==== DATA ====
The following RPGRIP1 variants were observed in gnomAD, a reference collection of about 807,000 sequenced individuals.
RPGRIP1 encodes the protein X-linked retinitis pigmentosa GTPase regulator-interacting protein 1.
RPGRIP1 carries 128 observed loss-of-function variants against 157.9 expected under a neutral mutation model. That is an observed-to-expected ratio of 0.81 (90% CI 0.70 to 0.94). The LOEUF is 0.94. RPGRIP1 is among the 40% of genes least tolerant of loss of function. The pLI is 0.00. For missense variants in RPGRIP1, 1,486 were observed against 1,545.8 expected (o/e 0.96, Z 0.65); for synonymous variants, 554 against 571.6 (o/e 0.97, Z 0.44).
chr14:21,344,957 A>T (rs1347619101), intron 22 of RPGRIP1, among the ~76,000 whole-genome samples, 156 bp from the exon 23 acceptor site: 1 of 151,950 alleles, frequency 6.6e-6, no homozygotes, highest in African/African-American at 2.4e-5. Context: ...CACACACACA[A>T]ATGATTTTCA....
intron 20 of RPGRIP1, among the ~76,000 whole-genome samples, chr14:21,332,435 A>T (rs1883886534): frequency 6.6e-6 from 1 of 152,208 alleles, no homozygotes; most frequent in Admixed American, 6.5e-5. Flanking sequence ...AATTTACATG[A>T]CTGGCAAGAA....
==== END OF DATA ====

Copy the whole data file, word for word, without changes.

The following RPGRIP1 variants were observed in gnomAD, a reference collection of about 807,000 sequenced individuals.
RPGRIP1 encodes the protein X-linked retinitis pigmentosa GTPase regulator-interacting protein 1.
RPGRIP1 carries 128 observed loss-of-function variants against 157.9 expected under a neutral mutation model. That is an observed-to-expected ratio of 0.81 (90% CI 0.70 to 0.94). The LOEUF is 0.94. RPGRIP1 is among the 40% of genes least tolerant of loss of function. The pLI is 0.00. For missense variants in RPGRIP1, 1,486 were observed against 1,545.8 expected (o/e 0.96, Z 0.65); for synonymous variants, 554 against 571.6 (o/e 0.97, Z 0.44).
chr14:21,344,957 A>T (rs1347619101), intron 22 of RPGRIP1, among the ~76,000 whole-genome samples, 156 bp from the exon 23 acceptor site: 1 of 151,950 alleles, frequency 6.6e-6, no homozygotes, highest in African/African-American at 2.4e-5. Context: ...CACACACACA[A>T]ATGATTTTCA....
intron 20 of RPGRIP1, among the ~76,000 whole-genome samples, chr14:21,332,435 A>T (rs1883886534): frequency 6.6e-6 from 1 of 152,208 alleles, no homozygotes; most frequent in Admixed American, 6.5e-5. Flanking sequence ...AATTTACATG[A>T]CTGGCAAGAA....